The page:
Molecular traps for DNA repair enzymes, a way for cancers and aging diseases therapies

04 June 2009 par Super Administrateur
The challenge for DNA glycosylases, enzymes involved in the base excision repair pathway, such Fpg and hOgg1, is to identify and remove one lesion among millions of undamaged bases by not only identifying small lesions that didn’t cause large disruptions of local DNA structures, but also by accommodating and processing bulky lesions using the same active site.

Combining chemical synthesis of derivatives DNA molecules, designed to mimic small and large lesions, with comparative structural analysis of Fpg bound to damaged DNA, scientist from CBM have established the molecular basis for formation of an unproductive but stable complex between Fpg and the bulky DNA lesion. They suggest that formation of such abortive complex inhibits DNA repair processes, thus explaining the long persistence of these lesions observed in vivo their associated cell deleterious effects. Selective inhibition of Fpg and hOgg1 by bulky DNA lesions and their synthetic derivatives can, for example, be used for treating subjects having disorders associated either with excessive cell proliferation, such as in the treatment of various cancers, or with aging (degenerative diseases such as Alzheimer and Huntington).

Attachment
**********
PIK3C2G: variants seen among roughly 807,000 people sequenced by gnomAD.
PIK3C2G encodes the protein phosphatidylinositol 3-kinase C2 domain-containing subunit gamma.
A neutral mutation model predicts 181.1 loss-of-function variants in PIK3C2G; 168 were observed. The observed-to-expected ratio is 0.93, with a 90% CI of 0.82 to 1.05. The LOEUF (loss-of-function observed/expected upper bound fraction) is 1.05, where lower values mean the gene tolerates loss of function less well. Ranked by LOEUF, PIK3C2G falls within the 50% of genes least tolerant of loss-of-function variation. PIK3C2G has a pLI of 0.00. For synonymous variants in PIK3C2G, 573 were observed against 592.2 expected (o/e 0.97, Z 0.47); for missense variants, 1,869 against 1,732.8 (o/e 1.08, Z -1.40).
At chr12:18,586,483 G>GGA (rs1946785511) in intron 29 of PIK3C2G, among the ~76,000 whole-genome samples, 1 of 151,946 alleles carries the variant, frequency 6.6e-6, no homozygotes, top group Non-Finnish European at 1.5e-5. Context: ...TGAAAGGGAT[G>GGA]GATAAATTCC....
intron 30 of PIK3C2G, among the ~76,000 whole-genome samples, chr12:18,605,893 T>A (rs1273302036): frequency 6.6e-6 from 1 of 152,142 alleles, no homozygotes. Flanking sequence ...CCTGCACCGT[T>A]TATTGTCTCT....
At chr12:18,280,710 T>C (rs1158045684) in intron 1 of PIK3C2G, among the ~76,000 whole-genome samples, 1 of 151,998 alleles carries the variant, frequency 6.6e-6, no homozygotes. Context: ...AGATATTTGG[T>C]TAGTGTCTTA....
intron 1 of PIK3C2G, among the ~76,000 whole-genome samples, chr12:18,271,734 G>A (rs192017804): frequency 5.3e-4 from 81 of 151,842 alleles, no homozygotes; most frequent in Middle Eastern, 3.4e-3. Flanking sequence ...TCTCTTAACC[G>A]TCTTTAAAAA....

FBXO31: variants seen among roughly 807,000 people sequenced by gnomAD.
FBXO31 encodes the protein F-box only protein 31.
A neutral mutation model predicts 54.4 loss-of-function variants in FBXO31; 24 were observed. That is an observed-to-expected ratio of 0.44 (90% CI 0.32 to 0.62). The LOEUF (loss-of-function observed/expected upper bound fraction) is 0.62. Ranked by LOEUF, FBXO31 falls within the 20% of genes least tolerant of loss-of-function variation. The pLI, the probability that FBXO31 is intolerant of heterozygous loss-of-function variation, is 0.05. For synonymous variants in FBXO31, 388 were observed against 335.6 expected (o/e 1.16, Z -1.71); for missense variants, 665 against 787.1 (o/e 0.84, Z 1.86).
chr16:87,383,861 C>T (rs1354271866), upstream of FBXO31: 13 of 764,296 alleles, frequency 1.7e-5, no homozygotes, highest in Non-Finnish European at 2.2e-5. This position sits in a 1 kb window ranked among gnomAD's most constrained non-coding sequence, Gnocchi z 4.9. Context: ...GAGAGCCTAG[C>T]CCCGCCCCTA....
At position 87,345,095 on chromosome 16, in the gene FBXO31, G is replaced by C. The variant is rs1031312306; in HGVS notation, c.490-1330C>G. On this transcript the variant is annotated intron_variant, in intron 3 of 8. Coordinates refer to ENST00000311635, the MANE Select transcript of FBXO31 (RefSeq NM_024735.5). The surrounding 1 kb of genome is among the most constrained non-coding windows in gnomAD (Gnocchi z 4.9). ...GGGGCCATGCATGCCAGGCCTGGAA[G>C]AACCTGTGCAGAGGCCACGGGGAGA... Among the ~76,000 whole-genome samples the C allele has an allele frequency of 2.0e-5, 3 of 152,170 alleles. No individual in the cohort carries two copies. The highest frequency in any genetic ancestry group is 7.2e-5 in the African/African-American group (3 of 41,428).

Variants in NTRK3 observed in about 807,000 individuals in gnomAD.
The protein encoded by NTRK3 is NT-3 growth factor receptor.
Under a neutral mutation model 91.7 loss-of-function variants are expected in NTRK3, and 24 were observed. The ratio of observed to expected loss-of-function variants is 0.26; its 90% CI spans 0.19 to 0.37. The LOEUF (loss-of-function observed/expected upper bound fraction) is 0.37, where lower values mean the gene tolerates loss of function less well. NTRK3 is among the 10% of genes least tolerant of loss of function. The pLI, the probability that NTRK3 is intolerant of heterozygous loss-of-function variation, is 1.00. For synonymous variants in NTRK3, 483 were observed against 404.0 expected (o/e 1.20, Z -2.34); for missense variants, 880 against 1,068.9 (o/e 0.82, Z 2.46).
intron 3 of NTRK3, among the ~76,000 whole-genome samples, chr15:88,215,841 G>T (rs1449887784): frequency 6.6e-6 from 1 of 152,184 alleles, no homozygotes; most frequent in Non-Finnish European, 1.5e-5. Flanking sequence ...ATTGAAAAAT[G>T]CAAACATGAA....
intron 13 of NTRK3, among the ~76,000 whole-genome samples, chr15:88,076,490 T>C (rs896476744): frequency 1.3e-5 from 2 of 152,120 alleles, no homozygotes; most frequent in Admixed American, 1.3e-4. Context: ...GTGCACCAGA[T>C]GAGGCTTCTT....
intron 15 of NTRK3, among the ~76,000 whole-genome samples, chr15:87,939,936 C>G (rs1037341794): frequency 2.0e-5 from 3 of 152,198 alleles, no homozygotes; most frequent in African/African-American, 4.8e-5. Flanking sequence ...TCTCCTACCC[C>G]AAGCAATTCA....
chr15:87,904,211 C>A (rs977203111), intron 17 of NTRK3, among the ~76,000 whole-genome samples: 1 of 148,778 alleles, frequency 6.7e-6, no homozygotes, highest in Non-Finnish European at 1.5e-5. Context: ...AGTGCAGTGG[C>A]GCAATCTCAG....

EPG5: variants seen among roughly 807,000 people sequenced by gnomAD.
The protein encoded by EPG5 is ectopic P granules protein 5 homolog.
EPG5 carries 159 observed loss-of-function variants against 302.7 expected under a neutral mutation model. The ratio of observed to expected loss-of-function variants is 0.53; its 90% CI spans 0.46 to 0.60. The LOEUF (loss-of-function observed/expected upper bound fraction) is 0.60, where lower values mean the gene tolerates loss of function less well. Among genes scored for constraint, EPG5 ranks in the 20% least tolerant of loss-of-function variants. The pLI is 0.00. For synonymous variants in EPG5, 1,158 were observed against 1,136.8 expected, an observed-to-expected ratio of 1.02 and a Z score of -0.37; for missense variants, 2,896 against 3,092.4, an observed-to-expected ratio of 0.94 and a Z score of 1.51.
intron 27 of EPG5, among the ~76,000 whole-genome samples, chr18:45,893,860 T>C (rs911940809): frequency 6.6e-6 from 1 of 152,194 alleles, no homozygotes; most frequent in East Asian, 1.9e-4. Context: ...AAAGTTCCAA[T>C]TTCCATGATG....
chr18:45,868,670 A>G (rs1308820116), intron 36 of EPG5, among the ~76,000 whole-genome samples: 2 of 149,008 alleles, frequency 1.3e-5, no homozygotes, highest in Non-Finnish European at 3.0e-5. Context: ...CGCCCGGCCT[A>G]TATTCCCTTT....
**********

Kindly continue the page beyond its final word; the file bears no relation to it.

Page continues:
References :
Coste, F., Ober, M., Le Bihan, Y.-V., Izquierdo, M.A., Hervouet, N., Carell, T. and Castaing, B. “Bacterial base excision repair enzyme Fpg recognizes bulky N7-substituted-FapydG lesion via unproductive binding mode.” Chemistry & Biology (2008) 15, 706-717


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